"Do not go where the path may lead. Go instead where there is no path and leave a trail."

Tuesday, August 02, 2011

Blame the Video Games

Photo by phr3qu3ncy
Chris Staniforth was 20 years old, loved playing Xbox, and had been accepted into a Game Design program at Leicester University. His recent death, determined to be from a pulmonary embolism, came after what was described as a "marathon session" of gaming.

To be clear, the unexpected loss of a 20 year old is a tragedy no matter what, and my heart goes out to his parents and loved ones. But I see headlines like this, and I can't help but think there's an injustice being served.  Doing a quick Google search of his name brings it up again and again.  "Xbox addict."  "Game addict." "Halo addict." Addict, addict, addict.  Article after article warns against the dangers of excessive game playing. 

Deep vein thrombosis, which caused the pulmonary embolism that killed Chris Staniforth, can occur during long periods of immobility, such as bed rest, long flights, or simply sitting in the same position for a long time.

When I was a kid on summer vacation, I used to spend entire days (days upon days) sprawled on a hammock or lawn chair, reading a book.  If I didn't have four kids and adult responsibilities, I still would.  Does that make me a reading addict?  Does that make reading dangerous?

My husband has had a desk job ever since he entered the work force nearly twenty years ago.  Sometimes when he's involved in a project, he doesn't move from his chair for several hours at a time.  Does that make him a workaholic?  Does that make working dangerous?

Yes, I could have gotten up occasionally and taken a break from reading.  Yes, my husband could walk down the hall occasionally and get a cup of coffee.  Yes, Chris Staniforth could have interspersed his video game playing with shooting basketball or walking around the block.  But what happened to him was a rare and tragic accidental death, one that could happen to anyone, doing any number of things.  It's not the fault of the video game.  It's also not the fault of his parents (something I saw over and over in the comments of these articles)  They should have stopped him from playing so long!  They should have made him do other things!  Besides the fact that this was a 20 year old who should have been able to make his own decisions, we know nothing about his parents other than the fact that they are grieving the loss of their son.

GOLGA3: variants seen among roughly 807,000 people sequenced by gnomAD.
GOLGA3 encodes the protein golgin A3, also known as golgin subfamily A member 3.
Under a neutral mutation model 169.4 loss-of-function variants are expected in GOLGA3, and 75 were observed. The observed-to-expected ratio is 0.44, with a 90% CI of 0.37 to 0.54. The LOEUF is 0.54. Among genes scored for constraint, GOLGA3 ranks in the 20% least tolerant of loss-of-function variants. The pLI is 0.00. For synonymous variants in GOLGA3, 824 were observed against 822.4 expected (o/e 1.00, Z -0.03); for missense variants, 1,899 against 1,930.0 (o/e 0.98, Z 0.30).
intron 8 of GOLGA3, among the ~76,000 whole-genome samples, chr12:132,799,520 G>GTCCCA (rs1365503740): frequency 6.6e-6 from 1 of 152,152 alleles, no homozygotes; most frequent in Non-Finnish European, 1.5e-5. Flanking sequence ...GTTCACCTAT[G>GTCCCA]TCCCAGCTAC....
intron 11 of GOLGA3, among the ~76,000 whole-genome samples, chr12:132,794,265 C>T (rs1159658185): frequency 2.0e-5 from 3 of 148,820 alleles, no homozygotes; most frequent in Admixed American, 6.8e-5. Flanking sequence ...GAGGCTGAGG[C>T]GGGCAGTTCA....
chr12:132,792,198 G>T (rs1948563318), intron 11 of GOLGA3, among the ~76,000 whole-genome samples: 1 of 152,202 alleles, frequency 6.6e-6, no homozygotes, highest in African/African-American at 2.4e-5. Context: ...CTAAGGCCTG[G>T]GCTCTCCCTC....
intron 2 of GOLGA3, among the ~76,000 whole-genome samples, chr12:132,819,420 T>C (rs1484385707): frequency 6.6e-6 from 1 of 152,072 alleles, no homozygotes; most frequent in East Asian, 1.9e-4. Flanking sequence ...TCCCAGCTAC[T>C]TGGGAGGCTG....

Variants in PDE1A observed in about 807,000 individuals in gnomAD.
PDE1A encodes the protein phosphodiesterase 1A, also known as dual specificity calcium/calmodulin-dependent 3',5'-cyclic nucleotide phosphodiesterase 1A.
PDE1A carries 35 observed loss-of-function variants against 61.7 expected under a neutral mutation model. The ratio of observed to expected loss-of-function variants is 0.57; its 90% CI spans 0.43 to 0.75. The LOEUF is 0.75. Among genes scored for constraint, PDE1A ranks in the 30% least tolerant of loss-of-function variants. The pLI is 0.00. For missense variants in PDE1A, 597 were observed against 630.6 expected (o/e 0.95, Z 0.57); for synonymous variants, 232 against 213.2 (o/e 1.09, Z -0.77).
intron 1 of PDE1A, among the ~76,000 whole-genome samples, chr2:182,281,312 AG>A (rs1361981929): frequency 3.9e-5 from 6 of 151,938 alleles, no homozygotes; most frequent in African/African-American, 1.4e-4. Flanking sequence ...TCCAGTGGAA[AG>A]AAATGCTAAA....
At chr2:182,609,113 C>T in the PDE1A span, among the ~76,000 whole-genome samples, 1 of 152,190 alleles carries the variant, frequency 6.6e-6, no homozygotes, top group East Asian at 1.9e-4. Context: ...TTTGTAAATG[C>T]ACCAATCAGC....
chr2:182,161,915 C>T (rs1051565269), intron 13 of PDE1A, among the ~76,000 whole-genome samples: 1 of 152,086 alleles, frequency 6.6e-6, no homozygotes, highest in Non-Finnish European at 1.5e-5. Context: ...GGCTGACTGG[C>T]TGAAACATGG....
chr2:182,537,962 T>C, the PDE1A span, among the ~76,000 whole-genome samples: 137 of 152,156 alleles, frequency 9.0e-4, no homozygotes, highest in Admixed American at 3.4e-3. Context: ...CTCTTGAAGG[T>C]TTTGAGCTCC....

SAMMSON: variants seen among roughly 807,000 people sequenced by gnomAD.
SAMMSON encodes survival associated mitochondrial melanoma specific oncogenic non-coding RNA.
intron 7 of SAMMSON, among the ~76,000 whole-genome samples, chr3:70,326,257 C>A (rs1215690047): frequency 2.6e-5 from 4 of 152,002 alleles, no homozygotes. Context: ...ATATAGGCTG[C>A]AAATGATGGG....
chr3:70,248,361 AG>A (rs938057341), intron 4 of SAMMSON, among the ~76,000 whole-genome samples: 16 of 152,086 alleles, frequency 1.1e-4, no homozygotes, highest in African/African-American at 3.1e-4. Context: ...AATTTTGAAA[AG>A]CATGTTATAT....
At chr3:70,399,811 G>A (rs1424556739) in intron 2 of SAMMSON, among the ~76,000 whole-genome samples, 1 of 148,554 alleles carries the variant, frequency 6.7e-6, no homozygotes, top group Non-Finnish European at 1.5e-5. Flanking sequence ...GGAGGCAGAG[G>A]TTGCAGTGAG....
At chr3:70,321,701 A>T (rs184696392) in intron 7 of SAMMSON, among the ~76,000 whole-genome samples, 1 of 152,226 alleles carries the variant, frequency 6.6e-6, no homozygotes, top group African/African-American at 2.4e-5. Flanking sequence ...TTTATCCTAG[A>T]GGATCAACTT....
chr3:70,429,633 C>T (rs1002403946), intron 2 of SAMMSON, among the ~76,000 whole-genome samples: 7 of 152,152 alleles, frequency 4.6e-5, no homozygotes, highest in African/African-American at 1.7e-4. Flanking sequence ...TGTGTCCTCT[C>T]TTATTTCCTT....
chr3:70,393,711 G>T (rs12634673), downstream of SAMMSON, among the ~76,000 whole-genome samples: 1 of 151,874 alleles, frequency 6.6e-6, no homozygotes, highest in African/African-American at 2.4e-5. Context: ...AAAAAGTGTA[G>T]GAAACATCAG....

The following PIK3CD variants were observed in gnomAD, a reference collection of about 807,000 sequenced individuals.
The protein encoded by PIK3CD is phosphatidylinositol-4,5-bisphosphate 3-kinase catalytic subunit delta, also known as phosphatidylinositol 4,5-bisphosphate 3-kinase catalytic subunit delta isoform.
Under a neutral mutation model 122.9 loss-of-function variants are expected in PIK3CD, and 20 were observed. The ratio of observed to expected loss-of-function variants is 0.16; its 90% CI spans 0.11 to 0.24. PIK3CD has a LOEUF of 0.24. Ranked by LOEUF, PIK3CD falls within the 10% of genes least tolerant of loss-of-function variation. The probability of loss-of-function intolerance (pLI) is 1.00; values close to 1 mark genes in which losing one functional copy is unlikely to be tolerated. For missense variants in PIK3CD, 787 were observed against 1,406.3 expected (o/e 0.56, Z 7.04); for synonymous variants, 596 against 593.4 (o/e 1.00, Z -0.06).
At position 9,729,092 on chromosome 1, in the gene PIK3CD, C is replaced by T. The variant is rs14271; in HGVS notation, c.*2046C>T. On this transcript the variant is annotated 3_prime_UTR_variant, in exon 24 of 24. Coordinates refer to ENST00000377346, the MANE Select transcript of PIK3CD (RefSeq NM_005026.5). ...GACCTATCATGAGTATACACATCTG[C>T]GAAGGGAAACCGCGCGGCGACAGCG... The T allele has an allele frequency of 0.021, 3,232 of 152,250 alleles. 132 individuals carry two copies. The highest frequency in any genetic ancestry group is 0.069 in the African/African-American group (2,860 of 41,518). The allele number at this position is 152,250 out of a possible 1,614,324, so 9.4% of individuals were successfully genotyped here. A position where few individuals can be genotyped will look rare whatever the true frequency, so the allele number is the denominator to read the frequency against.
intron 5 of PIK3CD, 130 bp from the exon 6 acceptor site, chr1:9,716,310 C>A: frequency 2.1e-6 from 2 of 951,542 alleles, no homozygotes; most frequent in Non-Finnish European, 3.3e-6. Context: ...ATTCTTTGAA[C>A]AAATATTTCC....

He was following a passion. This poor kid was not doing drugs, not doing anything illegal or immoral or wrong, yet his death is being used as a dire anti-video game cautionary tale.  He was an addict, these articles warn.  Don't let this happen to you! 

I have a child who is passionate about video games.  At ten, he already knows that he wants to study video game design, just as I already knew at ten that it was the written word that I loved.  I want to support him in that endeavor, just as I would in any other.   I know people who work in this field for a living... people who love what they are doing.  People I respect. 

But video games can kill you!  Absolutely they can. So can riding in an airplane, stepping off a curb, or slipping in the shower.  The video games are not at fault here.  Neither is the airplane, the curb, or the shower.    These are accidents.

I wouldn't want Chris Staniforth's death to be in vain.  I want to continue to have awareness, and knowledge, and common sense.  Of course.  But I never want to live in fear, and I never want my kids to do so either.



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